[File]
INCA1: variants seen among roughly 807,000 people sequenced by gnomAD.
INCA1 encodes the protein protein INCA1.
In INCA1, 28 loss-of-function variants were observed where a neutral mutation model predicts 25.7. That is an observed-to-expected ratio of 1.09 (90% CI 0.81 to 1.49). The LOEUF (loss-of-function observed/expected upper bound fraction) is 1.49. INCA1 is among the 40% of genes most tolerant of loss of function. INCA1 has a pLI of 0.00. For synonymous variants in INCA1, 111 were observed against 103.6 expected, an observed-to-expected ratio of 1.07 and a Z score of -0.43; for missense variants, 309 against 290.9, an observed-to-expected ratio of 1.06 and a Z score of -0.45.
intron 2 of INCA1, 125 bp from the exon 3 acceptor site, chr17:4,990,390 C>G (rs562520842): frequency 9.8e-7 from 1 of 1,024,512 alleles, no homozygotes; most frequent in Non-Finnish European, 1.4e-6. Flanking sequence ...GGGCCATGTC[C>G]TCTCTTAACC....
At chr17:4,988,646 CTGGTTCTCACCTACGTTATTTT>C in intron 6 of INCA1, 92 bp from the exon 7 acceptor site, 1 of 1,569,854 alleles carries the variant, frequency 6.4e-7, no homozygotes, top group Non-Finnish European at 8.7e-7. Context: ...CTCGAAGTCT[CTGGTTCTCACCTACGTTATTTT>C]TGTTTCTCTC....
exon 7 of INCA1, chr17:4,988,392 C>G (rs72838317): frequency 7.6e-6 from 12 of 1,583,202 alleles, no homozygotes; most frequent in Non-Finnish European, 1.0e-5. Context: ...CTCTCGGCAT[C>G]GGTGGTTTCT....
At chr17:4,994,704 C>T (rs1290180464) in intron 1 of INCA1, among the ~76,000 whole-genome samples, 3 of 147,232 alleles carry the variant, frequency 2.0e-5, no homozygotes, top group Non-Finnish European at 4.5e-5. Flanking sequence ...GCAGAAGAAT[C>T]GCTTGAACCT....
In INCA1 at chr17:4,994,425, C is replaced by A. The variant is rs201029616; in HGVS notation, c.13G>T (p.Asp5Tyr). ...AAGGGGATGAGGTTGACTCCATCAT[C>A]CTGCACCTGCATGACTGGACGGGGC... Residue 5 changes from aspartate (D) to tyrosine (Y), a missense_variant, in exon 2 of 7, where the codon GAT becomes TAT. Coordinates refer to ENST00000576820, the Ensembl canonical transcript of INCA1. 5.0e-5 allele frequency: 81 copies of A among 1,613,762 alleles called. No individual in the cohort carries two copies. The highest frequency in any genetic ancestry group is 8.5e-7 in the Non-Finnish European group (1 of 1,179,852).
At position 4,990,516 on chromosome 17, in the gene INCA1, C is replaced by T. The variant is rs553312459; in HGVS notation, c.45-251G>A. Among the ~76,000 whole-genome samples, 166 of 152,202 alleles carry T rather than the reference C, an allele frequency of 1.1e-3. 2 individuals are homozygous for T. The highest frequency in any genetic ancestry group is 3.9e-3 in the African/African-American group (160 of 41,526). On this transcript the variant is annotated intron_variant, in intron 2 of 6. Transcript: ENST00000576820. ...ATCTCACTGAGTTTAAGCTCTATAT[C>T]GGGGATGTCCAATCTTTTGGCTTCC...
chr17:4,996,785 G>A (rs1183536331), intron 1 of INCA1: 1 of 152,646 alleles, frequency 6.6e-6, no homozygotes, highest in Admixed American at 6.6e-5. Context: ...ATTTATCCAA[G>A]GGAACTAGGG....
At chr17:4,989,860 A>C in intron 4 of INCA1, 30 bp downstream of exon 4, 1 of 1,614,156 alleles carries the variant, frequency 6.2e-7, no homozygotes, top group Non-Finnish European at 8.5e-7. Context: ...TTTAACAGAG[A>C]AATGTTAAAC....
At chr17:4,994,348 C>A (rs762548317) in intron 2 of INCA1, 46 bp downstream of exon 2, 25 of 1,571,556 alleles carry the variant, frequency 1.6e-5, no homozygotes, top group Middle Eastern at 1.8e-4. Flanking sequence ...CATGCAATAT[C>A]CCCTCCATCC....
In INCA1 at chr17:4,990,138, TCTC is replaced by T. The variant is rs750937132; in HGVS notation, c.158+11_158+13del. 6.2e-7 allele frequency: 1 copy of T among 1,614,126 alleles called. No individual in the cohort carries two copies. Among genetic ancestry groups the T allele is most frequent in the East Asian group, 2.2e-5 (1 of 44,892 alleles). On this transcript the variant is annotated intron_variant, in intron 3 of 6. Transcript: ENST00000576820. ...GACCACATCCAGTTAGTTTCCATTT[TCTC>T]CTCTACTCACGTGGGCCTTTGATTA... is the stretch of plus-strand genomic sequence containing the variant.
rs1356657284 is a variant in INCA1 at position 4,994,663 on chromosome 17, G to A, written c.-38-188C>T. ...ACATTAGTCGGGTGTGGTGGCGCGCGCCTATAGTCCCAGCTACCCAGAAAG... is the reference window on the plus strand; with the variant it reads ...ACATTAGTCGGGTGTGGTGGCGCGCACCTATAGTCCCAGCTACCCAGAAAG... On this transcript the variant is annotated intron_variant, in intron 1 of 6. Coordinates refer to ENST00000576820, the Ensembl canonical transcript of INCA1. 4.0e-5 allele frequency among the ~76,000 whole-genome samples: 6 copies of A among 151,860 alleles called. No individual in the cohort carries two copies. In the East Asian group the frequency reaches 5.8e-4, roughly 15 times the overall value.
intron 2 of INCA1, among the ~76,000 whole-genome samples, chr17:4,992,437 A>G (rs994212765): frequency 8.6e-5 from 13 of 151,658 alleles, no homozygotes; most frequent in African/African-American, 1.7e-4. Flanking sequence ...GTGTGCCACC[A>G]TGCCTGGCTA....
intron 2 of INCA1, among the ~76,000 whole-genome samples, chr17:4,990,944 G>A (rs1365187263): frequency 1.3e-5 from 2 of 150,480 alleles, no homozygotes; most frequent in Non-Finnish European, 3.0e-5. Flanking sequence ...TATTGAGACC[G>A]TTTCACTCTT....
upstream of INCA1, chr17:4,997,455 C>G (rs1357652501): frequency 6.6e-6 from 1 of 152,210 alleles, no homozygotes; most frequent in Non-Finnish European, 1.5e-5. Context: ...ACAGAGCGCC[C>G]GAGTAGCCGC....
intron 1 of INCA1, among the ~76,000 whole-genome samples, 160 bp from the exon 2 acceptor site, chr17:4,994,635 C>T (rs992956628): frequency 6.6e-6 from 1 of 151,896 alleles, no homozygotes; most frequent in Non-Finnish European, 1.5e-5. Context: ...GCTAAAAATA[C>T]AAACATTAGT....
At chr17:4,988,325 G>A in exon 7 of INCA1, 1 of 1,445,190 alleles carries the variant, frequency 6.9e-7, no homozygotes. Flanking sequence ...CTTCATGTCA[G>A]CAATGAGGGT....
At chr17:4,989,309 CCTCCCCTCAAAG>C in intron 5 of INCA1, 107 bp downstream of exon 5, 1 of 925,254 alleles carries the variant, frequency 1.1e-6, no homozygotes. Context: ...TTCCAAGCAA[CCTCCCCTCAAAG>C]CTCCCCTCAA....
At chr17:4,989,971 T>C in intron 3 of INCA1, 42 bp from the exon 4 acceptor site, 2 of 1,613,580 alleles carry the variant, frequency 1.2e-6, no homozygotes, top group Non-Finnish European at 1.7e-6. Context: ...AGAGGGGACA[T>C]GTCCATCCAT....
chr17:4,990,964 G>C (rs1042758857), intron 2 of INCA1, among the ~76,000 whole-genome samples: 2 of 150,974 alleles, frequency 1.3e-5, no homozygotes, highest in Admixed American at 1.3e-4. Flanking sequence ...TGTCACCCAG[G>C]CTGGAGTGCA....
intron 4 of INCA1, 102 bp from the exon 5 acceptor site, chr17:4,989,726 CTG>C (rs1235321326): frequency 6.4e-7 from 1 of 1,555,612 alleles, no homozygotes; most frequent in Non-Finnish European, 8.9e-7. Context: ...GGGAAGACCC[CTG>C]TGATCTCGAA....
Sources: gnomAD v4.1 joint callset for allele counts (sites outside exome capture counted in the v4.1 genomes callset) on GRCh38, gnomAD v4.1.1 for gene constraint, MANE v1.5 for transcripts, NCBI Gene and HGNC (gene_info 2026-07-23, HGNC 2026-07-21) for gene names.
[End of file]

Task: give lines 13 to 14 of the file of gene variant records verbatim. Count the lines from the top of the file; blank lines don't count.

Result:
In INCA1 at chr17:4,990,138, TCTC is replaced by T. The variant is rs750937132; in HGVS notation, c.158+11_158+13del. 6.2e-7 allele frequency: 1 copy of T among 1,614,126 alleles called. No individual in the cohort carries two copies. Among genetic ancestry groups the T allele is most frequent in the East Asian group, 2.2e-5 (1 of 44,892 alleles). On this transcript the variant is annotated intron_variant, in intron 3 of 6. Transcript: ENST00000576820. ...GACCACATCCAGTTAGTTTCCATTT[TCTC>T]CTCTACTCACGTGGGCCTTTGATTA... is the stretch of plus-strand genomic sequence containing the variant.
rs1356657284 is a variant in INCA1 at position 4,994,663 on chromosome 17, G to A, written c.-38-188C>T. ...ACATTAGTCGGGTGTGGTGGCGCGCGCCTATAGTCCCAGCTACCCAGAAAG... is the reference window on the plus strand; with the variant it reads ...ACATTAGTCGGGTGTGGTGGCGCGCACCTATAGTCCCAGCTACCCAGAAAG... On this transcript the variant is annotated intron_variant, in intron 1 of 6. Coordinates refer to ENST00000576820, the Ensembl canonical transcript of INCA1. 4.0e-5 allele frequency among the ~76,000 whole-genome samples: 6 copies of A among 151,860 alleles called. No individual in the cohort carries two copies. In the East Asian group the frequency reaches 5.8e-4, roughly 15 times the overall value.